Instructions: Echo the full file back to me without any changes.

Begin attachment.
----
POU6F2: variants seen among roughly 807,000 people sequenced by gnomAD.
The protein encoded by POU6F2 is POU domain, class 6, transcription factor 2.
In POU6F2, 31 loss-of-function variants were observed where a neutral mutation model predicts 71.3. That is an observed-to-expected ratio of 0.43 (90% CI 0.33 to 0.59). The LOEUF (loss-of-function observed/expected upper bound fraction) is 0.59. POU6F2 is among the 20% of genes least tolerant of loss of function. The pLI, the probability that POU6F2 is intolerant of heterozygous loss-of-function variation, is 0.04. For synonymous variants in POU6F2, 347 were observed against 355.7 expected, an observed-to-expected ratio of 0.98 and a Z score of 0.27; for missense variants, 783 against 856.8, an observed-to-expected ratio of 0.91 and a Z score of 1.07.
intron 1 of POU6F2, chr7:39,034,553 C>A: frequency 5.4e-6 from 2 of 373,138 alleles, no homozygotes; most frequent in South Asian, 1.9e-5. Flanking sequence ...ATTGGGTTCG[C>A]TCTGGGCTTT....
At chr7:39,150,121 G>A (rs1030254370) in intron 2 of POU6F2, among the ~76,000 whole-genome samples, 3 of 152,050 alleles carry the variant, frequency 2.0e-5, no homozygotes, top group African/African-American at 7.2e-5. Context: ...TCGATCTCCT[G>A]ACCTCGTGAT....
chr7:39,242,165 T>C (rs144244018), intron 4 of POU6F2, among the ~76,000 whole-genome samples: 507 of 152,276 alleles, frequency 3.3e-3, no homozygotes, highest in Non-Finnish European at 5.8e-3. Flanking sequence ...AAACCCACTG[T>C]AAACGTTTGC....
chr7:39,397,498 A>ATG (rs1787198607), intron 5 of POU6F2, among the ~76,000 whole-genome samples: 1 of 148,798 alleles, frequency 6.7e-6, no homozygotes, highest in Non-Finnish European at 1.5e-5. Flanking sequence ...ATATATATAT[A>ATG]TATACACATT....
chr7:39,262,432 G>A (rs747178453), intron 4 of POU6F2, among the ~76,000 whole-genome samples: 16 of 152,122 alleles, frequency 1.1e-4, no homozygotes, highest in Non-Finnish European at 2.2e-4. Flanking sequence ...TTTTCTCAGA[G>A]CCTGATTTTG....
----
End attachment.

POU6F2: variants seen among roughly 807,000 people sequenced by gnomAD.
The protein encoded by POU6F2 is POU domain, class 6, transcription factor 2.
In POU6F2, 31 loss-of-function variants were observed where a neutral mutation model predicts 71.3. That is an observed-to-expected ratio of 0.43 (90% CI 0.33 to 0.59). The LOEUF (loss-of-function observed/expected upper bound fraction) is 0.59. POU6F2 is among the 20% of genes least tolerant of loss of function. The pLI, the probability that POU6F2 is intolerant of heterozygous loss-of-function variation, is 0.04. For synonymous variants in POU6F2, 347 were observed against 355.7 expected, an observed-to-expected ratio of 0.98 and a Z score of 0.27; for missense variants, 783 against 856.8, an observed-to-expected ratio of 0.91 and a Z score of 1.07.
intron 1 of POU6F2, chr7:39,034,553 C>A: frequency 5.4e-6 from 2 of 373,138 alleles, no homozygotes; most frequent in South Asian, 1.9e-5. Flanking sequence ...ATTGGGTTCG[C>A]TCTGGGCTTT....
At chr7:39,150,121 G>A (rs1030254370) in intron 2 of POU6F2, among the ~76,000 whole-genome samples, 3 of 152,050 alleles carry the variant, frequency 2.0e-5, no homozygotes, top group African/African-American at 7.2e-5. Context: ...TCGATCTCCT[G>A]ACCTCGTGAT....
chr7:39,242,165 T>C (rs144244018), intron 4 of POU6F2, among the ~76,000 whole-genome samples: 507 of 152,276 alleles, frequency 3.3e-3, no homozygotes, highest in Non-Finnish European at 5.8e-3. Flanking sequence ...AAACCCACTG[T>C]AAACGTTTGC....
chr7:39,397,498 A>ATG (rs1787198607), intron 5 of POU6F2, among the ~76,000 whole-genome samples: 1 of 148,798 alleles, frequency 6.7e-6, no homozygotes, highest in Non-Finnish European at 1.5e-5. Flanking sequence ...ATATATATAT[A>ATG]TATACACATT....
chr7:39,262,432 G>A (rs747178453), intron 4 of POU6F2, among the ~76,000 whole-genome samples: 16 of 152,122 alleles, frequency 1.1e-4, no homozygotes, highest in Non-Finnish European at 2.2e-4. Flanking sequence ...TTTTCTCAGA[G>A]CCTGATTTTG....